Abstract:
Several twodimensional models have been proposed in
recent years that contain aspects of the underlying
dynamics of the threedimensional incompressible
Euler equations while being more tractable. This
presentation will introduce a new model in this
class that is more directly inspired by fully
threedimensional solutions as well as a new
conditional restriction upon Euler [Gibbon et al.
(2006)] that shows that only certain symmetrical
alignments are allowed if there is to be a
singularity. The model will be similar to [Gibbon et
al. (1999)], but an equation for curvature of vortex
lines in the plane instead of stretching out of the
plane will be the equation in addition to vorticity.
The importance of studying models such as this has
been highlighted by a new pseudospectral calculation
of collapsing Euler vortices [Hou and Li (2006)]
that has called into question the longterm
conclusions of singular behavior described earlier
in [Kerr (1993), Kerr (2005)]. Because similar
differences between wellresolved numerical
solutions using similar initial conditions have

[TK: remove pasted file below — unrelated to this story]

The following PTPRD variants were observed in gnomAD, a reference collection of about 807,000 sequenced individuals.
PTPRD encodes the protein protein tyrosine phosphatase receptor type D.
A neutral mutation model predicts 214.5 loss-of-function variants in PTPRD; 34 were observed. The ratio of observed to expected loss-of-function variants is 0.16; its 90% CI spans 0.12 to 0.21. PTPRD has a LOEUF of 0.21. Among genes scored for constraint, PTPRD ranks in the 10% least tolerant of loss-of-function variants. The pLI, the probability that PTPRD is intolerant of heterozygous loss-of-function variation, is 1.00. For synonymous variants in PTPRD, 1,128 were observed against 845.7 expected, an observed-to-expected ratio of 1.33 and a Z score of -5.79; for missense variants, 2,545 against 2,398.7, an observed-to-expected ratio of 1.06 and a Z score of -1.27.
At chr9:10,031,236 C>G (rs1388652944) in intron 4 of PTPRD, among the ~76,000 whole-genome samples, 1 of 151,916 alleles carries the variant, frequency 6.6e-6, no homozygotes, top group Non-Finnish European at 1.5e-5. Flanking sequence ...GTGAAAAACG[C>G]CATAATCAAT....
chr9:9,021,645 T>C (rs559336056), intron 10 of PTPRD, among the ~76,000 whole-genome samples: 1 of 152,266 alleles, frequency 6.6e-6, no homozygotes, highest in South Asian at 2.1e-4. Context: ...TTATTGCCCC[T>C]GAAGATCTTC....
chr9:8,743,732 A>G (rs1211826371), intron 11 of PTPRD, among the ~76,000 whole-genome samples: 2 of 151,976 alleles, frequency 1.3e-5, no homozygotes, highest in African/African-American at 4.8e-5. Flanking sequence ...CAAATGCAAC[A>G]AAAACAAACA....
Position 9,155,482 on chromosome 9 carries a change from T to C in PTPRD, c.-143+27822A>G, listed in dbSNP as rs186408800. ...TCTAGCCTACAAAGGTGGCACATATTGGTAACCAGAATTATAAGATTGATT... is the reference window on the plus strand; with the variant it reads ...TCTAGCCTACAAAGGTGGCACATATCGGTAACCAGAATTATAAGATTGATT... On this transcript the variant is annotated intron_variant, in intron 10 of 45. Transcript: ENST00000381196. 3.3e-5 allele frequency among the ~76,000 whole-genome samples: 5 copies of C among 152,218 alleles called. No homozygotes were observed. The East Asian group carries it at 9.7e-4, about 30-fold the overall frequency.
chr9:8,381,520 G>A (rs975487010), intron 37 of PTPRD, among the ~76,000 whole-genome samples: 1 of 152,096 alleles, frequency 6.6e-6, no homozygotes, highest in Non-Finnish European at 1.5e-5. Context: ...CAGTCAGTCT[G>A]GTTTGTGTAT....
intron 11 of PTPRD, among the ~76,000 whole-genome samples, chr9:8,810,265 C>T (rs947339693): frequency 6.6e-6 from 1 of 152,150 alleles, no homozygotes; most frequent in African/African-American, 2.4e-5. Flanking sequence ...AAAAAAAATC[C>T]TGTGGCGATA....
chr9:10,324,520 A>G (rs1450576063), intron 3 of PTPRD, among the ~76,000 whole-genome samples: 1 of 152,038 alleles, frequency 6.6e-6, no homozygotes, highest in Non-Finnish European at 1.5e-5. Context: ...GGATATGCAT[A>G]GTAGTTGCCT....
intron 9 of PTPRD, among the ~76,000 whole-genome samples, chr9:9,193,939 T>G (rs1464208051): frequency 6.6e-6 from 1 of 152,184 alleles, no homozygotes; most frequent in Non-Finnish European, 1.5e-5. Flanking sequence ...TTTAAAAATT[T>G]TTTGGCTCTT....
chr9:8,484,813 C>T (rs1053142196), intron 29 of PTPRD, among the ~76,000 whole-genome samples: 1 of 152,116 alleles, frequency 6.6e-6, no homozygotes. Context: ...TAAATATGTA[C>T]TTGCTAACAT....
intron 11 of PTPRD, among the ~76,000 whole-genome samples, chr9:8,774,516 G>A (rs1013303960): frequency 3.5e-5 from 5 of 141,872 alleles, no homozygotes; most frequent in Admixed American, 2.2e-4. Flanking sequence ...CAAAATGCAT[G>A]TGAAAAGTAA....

appeared before, it seems that ultimately numerical
solutions cannot resolve this issue and can only act
as a guide for analytic work. Guidelines for
comparing results from high resolution calculations
using different numerical methods will be discussed.
References
[Gibbon et al.
(1999)] J.D. Gibbon, A. Fokas, and C.R. Doering,
“Dynamically stretched vortices as solutions of the
NavierStokes equations”, Physical D
132,
497 (1999).
[Gibbon et al.
(2006)] Gibbon, J.D., D.D. Holm, R.M. Kerr, I
Roulstone, “Quaternions and particle dynamics in the
Euler fluid equations”, Nonlinearity
19,
1969 (2006).
[Hou and Li (2006)]
T.Y. Hou and R. Li, “Dynamic depletion of vortex
stretching and nonblowup of the 3D incompressible
Euler equations”, Accepted J. Nonlin. Sci. (2006).
[Kerr (1993)] R.M.
Kerr, “Evidence for a singularity of the
threedimensional, incompressible Euler equations”,
Phys. Fluids
5,
172 (1993).
[Kerr (2005)] R.M.
Kerr, “Velocity and scaling of collapsing Euler
vortices”, Phys. Fluids
17,
075103 (2005).
[LECTURE SLIDES]